Fifteen minutes in, heading up Biggus Hillus (renamed thus as I was struggling with the Welsh pronunciation) and those strangely insane people I believe they call themselves, Fell runners? were already way out in front. Honestly how those guys do it is beyond me. In fact why they do it is beyond me. As we neared half way up Biggus Hillus, we said our first goodbye of the event. Roger was keen for a good time in this year's event as serious foot issues at Minton last year saw him retire with only 4 miles left to go. We had already chatted about Roger "Going for it" and where more than happy as he strode out leaving us in his dust. Hopefully this year he would not suffer the same injuries and would beat his previous times hands down. Should I tell you now how he fared? Nah, you will have to read on and find out at the end.

Soon we had reached check point 1, Muss a little in front of me and Poddy because I am not the best on grassy hills. Wow the view from here were amazing. It was such a clear day you could see for miles. In front of us was The Lawley with the first of the fell runners making their ascent to check point 2 and a glimpse behind saw the mighty Ragleth Hill, hmmm, lets forget that one till much, much later.

Check Point 1 (Caer Caradoc) - 1.875 miles: A quick clip on the tally card from the marshal who recorded number and time then it was down hill. I think it was at this point that me and Muss first realised how tightly Poddy's lycra trousers fitted him. Muss commented on how wrong it looked, something he would reiterate more than once on our adventure. Myself I was a tad intrigued as to what manner of under garments Mr Podmore was wearing, who's outline was becoming more and more visible by the minute. As check point 2 was at the top of the Lawley; another hill. Yes you guessed it we had another climb. And believe you me it was just as steep if not steeper than the first. As we approached the entrance gate to the Lawley the first of the fell runners were already down. Keeping up this pace they should be on for an 8 hour finish and as they approached we made way and wished them good luck. Up we went, up and up, up, up, up and up and up some more. "Blooming Heck, are we not at the top yet I moaned to my self" or did I say it out loud? I am not sure. Muss again was ahead of me and Poddy and hey, look who was coming towards us on his way to check point 3. Its only bloomin Roger Musson. Looking like a gazelle with a big beaming smile he was having fun the lad was. Just time for a quick word of good luck and he was gone. We caught up with Muss about a minute from check point 2 as he was making his decent. "I'll see you on the road at the bottom" he said as we passed on our way to our next tally clip.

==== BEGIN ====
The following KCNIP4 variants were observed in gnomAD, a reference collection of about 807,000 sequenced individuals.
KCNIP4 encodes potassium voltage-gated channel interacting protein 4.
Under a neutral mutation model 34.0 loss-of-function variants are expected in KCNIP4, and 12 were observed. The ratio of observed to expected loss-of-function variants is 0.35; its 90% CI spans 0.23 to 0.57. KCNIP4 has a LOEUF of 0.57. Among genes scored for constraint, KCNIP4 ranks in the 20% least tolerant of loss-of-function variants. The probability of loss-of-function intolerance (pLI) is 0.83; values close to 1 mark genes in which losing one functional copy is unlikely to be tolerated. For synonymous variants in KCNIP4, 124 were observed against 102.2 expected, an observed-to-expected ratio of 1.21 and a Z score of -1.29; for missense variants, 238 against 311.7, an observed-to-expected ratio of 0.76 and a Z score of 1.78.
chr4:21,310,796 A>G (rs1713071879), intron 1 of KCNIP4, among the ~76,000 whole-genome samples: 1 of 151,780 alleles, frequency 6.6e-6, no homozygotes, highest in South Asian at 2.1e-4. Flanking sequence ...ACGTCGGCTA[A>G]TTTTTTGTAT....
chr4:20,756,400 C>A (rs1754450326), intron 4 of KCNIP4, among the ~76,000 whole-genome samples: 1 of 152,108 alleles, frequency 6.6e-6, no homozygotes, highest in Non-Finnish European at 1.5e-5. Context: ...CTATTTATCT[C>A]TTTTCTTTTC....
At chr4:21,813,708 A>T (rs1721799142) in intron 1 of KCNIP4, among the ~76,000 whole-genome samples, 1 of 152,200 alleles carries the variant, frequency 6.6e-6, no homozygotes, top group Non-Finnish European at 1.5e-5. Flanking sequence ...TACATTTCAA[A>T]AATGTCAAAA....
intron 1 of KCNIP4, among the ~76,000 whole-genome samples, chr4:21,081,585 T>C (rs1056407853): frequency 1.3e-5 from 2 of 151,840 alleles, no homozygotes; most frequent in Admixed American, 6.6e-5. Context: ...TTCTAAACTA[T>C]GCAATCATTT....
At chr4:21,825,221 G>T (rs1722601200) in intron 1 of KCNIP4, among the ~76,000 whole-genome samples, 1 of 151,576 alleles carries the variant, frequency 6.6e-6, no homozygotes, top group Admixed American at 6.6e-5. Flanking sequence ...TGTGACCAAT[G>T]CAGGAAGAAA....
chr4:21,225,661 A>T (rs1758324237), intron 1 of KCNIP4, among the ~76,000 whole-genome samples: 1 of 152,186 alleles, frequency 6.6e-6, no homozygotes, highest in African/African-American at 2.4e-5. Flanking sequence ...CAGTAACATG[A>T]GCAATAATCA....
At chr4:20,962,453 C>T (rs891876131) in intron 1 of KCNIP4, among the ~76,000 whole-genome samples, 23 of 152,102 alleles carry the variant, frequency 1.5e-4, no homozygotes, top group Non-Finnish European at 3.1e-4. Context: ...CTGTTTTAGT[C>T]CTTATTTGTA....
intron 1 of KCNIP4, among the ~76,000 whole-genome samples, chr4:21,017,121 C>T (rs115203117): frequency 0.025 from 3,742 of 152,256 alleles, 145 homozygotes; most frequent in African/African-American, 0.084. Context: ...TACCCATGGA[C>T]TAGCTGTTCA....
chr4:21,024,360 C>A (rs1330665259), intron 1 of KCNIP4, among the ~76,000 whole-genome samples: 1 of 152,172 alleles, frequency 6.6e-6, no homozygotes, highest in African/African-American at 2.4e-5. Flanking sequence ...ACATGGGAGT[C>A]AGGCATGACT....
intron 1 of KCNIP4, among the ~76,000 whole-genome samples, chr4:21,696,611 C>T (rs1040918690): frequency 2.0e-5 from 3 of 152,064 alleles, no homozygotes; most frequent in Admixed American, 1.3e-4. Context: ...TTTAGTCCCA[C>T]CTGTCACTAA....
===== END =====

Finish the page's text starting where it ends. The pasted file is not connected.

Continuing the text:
Check Point 2 (The Lawley) - 3.75 miles: Tally clip taken care of we were now on route to join Muss on the road at the bottom of the hill. As me and the Podmeister skipped down The Lawley we passed another old friend Mr Luiz Broz on his way to the top. Deciding that the guys he was with where to slow he had better speed up, to which he did and by Pole Bank he had passed us heading for a quick time. I commented to Poddy that I wondered how many of those taking part would finish as at around 4 miles in some where looking decidedly knackered to say the least. True to form Muss was waiting on the road near to Comley Farm where we headed across the fields, through Heath Coppice to Heath Farm and on to the A49. Shortly after crossing the A49 we crossed the railway where I believe I also showed Muss and Poddy the correct way to negotiate a style. In return as we walked along the side of Gogbatch on route to High Park Poddy showed us once again why wearing tight fitting lycra trousers is not the best look. Soon we where back on tarmac again and the painful trek to checkpoint 3.

Sun setting on StiperstonesSun setting on Stiperstones
Dave 'Jazz Hands' PodmoreDave 'Jazz Hands' Podmore